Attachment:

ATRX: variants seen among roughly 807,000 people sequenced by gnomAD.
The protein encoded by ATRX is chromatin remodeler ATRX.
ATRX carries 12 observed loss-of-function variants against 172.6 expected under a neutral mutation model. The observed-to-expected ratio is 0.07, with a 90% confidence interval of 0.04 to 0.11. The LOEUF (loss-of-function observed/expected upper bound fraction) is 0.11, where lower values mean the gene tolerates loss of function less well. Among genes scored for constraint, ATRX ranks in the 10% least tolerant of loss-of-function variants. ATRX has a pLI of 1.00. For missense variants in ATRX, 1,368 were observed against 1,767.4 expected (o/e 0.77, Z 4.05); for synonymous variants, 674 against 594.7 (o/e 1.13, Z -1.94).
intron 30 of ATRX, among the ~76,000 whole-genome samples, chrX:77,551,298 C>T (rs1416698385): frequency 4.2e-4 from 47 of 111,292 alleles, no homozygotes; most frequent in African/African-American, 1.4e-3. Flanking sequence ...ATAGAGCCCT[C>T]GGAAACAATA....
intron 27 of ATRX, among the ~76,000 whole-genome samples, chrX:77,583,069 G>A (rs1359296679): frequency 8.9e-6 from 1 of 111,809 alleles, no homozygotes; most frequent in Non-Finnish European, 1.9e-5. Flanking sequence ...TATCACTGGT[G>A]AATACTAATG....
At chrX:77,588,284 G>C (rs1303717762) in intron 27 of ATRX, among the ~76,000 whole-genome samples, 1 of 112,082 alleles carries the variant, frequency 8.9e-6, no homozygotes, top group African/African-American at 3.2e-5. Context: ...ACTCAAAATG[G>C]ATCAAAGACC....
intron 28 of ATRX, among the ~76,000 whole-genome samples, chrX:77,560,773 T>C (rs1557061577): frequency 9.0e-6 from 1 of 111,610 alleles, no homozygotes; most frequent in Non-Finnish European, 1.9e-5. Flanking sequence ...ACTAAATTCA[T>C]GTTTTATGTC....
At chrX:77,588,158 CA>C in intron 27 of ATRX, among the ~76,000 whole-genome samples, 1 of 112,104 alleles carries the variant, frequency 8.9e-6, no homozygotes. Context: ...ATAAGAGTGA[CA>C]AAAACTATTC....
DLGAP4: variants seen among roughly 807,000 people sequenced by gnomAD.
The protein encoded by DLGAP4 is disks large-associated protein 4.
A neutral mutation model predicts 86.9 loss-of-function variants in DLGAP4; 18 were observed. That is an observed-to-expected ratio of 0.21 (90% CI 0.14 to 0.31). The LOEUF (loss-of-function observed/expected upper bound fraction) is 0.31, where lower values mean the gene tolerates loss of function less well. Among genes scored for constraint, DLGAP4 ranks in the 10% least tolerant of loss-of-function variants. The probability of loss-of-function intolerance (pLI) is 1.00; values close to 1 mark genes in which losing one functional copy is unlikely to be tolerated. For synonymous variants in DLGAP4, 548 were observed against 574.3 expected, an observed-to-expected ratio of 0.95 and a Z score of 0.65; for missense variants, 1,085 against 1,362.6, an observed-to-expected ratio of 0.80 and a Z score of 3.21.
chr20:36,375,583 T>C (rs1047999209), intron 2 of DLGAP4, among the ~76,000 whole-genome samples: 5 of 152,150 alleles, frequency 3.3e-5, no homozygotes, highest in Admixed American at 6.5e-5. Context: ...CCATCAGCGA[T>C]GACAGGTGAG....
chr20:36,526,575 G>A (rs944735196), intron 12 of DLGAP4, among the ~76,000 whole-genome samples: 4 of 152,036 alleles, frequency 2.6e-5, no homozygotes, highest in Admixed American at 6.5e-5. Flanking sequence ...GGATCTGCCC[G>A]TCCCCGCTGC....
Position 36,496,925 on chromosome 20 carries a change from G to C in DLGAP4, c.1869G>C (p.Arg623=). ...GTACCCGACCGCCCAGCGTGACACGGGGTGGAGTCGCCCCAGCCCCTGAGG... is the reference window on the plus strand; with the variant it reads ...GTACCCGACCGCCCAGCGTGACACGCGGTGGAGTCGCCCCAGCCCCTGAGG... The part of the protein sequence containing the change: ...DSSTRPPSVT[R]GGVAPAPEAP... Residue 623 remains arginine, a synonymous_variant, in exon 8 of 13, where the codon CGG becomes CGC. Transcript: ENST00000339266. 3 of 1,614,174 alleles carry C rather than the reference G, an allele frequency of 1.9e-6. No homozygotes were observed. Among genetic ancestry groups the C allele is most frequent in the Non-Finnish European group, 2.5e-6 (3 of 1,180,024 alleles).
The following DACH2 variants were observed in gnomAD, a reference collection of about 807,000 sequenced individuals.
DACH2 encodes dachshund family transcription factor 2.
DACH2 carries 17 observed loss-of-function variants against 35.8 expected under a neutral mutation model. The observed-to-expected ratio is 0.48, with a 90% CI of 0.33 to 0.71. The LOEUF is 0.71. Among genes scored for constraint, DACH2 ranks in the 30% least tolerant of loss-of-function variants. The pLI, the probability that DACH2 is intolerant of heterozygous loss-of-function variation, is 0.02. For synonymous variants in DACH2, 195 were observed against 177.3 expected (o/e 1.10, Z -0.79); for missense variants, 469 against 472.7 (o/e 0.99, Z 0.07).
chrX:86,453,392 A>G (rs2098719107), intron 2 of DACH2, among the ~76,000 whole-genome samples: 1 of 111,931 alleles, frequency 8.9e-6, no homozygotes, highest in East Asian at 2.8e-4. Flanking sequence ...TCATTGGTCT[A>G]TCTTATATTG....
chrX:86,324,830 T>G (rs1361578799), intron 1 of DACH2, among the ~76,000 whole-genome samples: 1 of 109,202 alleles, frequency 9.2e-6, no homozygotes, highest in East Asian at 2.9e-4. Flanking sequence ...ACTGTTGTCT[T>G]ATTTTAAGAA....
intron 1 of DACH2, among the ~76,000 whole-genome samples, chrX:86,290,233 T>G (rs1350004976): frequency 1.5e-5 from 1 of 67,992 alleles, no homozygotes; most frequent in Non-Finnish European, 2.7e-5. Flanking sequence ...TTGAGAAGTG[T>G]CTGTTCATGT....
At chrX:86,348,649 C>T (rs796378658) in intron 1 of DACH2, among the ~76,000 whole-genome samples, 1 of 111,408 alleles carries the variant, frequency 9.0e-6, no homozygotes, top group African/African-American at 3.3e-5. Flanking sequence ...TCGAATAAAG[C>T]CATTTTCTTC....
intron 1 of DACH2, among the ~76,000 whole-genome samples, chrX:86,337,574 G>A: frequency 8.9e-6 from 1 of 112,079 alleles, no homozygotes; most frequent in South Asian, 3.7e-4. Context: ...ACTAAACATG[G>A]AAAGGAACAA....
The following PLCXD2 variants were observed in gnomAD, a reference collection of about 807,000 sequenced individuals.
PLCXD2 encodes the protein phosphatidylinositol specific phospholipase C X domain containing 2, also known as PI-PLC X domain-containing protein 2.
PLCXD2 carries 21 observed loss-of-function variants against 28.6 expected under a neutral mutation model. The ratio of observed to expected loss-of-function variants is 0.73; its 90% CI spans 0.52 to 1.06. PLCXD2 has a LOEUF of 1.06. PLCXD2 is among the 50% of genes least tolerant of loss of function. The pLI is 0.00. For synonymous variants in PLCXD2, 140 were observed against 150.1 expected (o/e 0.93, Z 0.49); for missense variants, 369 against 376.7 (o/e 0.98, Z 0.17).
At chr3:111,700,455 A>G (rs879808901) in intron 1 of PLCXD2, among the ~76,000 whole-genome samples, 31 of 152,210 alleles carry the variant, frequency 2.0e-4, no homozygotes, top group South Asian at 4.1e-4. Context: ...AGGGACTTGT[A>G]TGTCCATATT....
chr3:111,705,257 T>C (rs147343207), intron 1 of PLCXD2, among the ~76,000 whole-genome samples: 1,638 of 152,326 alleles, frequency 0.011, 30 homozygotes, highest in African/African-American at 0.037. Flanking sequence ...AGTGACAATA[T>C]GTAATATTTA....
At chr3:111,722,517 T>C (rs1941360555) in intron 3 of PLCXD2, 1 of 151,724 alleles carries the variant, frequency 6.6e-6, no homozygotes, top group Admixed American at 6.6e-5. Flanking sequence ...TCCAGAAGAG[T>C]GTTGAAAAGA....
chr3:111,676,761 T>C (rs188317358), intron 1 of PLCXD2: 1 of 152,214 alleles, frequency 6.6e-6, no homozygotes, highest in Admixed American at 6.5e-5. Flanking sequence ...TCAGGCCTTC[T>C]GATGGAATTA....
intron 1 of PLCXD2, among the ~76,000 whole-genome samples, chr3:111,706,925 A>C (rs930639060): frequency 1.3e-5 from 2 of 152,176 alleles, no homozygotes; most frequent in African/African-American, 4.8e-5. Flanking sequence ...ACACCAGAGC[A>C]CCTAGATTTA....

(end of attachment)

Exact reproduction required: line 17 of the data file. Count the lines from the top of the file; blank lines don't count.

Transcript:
DACH2 carries 17 observed loss-of-function variants against 35.8 expected under a neutral mutation model. The observed-to-expected ratio is 0.48, with a 90% CI of 0.33 to 0.71. The LOEUF is 0.71. Among genes scored for constraint, DACH2 ranks in the 30% least tolerant of loss-of-function variants. The pLI, the probability that DACH2 is intolerant of heterozygous loss-of-function variation, is 0.02. For synonymous variants in DACH2, 195 were observed against 177.3 expected (o/e 1.10, Z -0.79); for missense variants, 469 against 472.7 (o/e 0.99, Z 0.07).